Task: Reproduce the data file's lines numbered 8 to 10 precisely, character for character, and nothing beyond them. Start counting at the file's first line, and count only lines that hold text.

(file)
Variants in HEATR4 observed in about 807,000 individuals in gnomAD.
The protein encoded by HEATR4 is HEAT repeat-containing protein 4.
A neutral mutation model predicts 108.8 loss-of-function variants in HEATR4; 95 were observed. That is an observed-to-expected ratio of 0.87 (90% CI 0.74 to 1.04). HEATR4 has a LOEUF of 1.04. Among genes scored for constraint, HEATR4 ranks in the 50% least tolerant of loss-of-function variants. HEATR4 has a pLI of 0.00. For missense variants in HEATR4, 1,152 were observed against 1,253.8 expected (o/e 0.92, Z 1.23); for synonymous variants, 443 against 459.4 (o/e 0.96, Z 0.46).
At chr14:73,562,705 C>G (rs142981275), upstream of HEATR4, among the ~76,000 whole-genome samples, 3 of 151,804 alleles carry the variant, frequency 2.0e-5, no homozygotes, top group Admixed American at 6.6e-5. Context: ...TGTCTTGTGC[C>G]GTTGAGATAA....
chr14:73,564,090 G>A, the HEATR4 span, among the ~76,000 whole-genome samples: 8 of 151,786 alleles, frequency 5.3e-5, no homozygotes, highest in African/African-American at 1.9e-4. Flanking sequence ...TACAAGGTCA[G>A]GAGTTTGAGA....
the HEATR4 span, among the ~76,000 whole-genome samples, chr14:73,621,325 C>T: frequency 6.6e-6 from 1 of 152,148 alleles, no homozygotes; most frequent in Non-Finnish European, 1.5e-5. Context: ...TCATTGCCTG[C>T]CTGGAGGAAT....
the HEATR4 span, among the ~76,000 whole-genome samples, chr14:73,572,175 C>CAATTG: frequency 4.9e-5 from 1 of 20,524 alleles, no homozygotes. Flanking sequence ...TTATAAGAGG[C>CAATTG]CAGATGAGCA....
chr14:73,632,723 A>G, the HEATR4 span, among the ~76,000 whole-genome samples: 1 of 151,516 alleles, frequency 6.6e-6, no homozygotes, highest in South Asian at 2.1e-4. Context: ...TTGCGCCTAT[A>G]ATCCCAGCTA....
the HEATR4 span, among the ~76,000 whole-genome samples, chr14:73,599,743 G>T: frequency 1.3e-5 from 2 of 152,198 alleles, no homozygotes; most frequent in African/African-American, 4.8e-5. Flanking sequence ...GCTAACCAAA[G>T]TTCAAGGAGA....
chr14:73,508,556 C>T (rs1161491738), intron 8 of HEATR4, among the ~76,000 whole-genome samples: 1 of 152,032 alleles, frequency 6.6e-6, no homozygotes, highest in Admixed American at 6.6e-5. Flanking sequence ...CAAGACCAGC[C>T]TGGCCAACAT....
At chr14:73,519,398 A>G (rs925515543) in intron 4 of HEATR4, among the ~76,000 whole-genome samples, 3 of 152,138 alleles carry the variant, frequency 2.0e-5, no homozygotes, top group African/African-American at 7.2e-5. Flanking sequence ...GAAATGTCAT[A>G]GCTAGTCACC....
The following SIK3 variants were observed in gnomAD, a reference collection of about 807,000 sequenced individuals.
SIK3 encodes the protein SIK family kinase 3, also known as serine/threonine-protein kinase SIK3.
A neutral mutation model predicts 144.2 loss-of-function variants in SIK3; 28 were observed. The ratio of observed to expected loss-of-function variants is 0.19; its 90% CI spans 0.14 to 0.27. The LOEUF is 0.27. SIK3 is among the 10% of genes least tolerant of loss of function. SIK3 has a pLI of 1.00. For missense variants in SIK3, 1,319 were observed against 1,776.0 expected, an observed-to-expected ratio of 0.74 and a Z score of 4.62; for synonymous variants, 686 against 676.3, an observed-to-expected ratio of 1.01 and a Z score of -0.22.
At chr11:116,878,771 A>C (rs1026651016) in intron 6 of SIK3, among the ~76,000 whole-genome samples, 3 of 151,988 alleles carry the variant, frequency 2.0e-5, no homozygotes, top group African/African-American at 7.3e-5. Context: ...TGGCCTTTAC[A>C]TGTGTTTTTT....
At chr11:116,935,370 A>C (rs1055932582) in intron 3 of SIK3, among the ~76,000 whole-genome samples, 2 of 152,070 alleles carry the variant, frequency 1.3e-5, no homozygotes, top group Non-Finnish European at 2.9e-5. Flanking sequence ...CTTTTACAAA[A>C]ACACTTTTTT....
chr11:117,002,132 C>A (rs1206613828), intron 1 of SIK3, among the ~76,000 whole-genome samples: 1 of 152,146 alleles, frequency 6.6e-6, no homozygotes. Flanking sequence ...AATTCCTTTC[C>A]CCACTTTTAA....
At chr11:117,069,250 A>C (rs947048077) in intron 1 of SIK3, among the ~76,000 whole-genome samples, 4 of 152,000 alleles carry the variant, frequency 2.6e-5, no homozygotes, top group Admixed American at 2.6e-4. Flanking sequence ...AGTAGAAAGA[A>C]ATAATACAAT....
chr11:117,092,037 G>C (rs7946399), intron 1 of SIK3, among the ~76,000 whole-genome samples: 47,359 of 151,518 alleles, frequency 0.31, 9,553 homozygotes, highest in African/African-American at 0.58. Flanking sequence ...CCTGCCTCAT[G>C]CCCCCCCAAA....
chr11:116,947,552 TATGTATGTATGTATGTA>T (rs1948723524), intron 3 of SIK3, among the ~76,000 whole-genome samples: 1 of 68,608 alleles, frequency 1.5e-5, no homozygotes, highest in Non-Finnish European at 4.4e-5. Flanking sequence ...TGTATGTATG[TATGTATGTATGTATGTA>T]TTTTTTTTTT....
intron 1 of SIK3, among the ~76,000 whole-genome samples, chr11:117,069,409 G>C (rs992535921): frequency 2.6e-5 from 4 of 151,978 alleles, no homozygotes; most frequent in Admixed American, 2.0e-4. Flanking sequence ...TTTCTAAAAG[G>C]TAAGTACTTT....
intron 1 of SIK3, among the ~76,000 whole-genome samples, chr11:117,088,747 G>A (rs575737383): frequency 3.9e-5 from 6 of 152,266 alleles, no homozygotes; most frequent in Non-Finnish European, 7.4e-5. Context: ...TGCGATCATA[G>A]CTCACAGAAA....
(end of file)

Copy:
chr14:73,632,723 A>G, the HEATR4 span, among the ~76,000 whole-genome samples: 1 of 151,516 alleles, frequency 6.6e-6, no homozygotes, highest in South Asian at 2.1e-4. Context: ...TTGCGCCTAT[A>G]ATCCCAGCTA....
the HEATR4 span, among the ~76,000 whole-genome samples, chr14:73,599,743 G>T: frequency 1.3e-5 from 2 of 152,198 alleles, no homozygotes; most frequent in African/African-American, 4.8e-5. Flanking sequence ...GCTAACCAAA[G>T]TTCAAGGAGA....
chr14:73,508,556 C>T (rs1161491738), intron 8 of HEATR4, among the ~76,000 whole-genome samples: 1 of 152,032 alleles, frequency 6.6e-6, no homozygotes, highest in Admixed American at 6.6e-5. Flanking sequence ...CAAGACCAGC[C>T]TGGCCAACAT....